I post what interests and inspires me, and I hope to inspire you in the process.
I blog about Photography, Art, Music, Coffee, Craft Beer,Food, & Politics,
Plus a bunch of random nonsense I find entertaining on the web.
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I also run "Take a Photo, Pass it On" as well as several other Tumblr blogs
Artist Scott Listfield has a passion for painting. He paints astronauts and, sometimes, dinosaurs, in landscapes of pop culture icons and familiar settings. We should have been able to figure all of this out from the name of his site, Astronaut Dinosaur [check out the site to buy prints, too], but until you see an astronaut standing in front of a Fly Thru In-N-Out Burger his creativity and skill doesn’t really hit home.
Born in Switzerland, Mathias Schmied manipulates comic books and magazine images to create wall installations, collages and drawings. His works are pop images transformed. Cut-out graffiti and superheroes take on all new representation and meaning through Schmied’s cautious hand and razor blade. The easily recognizable content of Schmied’s found images becomes confused through his dissection. Pages where all real content has been removed feel empty and even somewhat sad. Depicting only what’s left behind from superhero stories feels like the newspaper without the news. We can only begin to guess at what’s going on.
This map is from a geographical game meant for children, published in the 1880s. The game starts in Hartford, Conn.—the location of the publishing company that sold the set—and proceeds westward via a northerly route, and then back east via a tour of the South, ending up in New York City after 200 total possible “stops.”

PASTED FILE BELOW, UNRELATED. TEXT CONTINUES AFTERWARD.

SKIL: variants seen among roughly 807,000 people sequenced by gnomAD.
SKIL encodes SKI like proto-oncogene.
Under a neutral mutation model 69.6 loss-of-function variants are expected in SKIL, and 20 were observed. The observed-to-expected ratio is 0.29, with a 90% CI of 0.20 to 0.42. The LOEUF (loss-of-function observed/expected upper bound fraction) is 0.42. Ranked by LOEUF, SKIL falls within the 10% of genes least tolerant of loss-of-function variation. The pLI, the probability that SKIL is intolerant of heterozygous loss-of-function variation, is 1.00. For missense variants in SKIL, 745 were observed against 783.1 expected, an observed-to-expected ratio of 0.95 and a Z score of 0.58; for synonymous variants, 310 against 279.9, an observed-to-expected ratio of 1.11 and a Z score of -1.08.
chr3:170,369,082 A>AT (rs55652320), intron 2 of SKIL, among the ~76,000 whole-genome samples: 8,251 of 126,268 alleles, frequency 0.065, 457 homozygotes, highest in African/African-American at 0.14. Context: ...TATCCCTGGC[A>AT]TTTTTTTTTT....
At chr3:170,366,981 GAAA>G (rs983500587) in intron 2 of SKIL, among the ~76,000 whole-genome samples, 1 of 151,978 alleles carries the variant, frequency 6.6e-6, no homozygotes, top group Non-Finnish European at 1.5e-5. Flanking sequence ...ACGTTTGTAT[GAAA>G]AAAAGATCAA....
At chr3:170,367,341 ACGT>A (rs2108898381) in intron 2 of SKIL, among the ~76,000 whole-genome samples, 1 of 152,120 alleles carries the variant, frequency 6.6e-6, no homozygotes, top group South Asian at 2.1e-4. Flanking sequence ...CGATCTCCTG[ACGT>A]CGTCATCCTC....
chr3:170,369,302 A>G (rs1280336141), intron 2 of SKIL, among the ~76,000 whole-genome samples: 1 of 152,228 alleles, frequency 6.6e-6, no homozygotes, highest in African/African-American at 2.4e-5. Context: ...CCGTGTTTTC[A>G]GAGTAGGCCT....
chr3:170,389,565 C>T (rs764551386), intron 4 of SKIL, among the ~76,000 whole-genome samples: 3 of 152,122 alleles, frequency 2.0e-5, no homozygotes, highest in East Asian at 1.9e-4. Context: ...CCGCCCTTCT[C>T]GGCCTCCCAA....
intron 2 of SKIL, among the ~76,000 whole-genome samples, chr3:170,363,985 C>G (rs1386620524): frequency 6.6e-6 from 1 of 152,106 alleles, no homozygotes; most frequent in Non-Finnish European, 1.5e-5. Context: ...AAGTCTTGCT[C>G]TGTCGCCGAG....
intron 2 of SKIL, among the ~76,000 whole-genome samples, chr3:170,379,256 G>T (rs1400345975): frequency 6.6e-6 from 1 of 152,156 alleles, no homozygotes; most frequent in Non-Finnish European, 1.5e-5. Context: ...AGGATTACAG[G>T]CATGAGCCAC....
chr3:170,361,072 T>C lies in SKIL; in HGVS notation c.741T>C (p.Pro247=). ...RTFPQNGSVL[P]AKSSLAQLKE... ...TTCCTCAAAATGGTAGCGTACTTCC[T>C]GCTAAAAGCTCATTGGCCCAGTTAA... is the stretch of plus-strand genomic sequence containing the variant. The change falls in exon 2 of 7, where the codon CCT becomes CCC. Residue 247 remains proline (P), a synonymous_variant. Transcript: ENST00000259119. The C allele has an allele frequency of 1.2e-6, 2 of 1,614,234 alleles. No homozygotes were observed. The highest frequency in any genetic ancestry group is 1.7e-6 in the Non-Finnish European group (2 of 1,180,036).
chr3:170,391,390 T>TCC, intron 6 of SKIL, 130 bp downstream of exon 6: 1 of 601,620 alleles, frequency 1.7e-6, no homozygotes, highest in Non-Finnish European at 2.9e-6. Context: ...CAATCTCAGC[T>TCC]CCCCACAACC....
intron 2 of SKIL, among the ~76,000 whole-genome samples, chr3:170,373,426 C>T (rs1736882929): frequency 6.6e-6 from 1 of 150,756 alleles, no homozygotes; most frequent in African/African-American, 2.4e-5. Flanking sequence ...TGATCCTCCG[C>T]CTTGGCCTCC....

The beautiful game board reflected a then-current vision of the kinds of “rambles” that would intrigue a childish populace weaned on Western dime novels and adventure stories. Miners, cowboys, and teepees feature heavily. The bottom left-hand corner features an inset tableau of a group of Native Americans watching a train pass by, with sadness in their faces—a common motif at the time, as people justified the development of the West as an inevitable fact of life.
Illustrator Hama-House Creates Beautiful ‘Speed Sketches’ of People Doing Everyday Activitie.
Combining Western cinema and traditional Ottoman motifs, Turkish artist Murat Palta designed a series of images that blend the style of the Ottoman empire with films like Pulp Fiction, Alien, and Clockwork Orange. They are made to look historic and aged, and once you see past that, Palta has illustrated some of the iconic scenes of the particular film.
The Ottoman Empire, also known as the Turkish Empire, was one of the longest running empires in history. Palta’s works recall the Miniature Style of the Ottomans, which was a part of Ottoman book arts that included illumination, calligraphy, paper marbling, and bookbinding.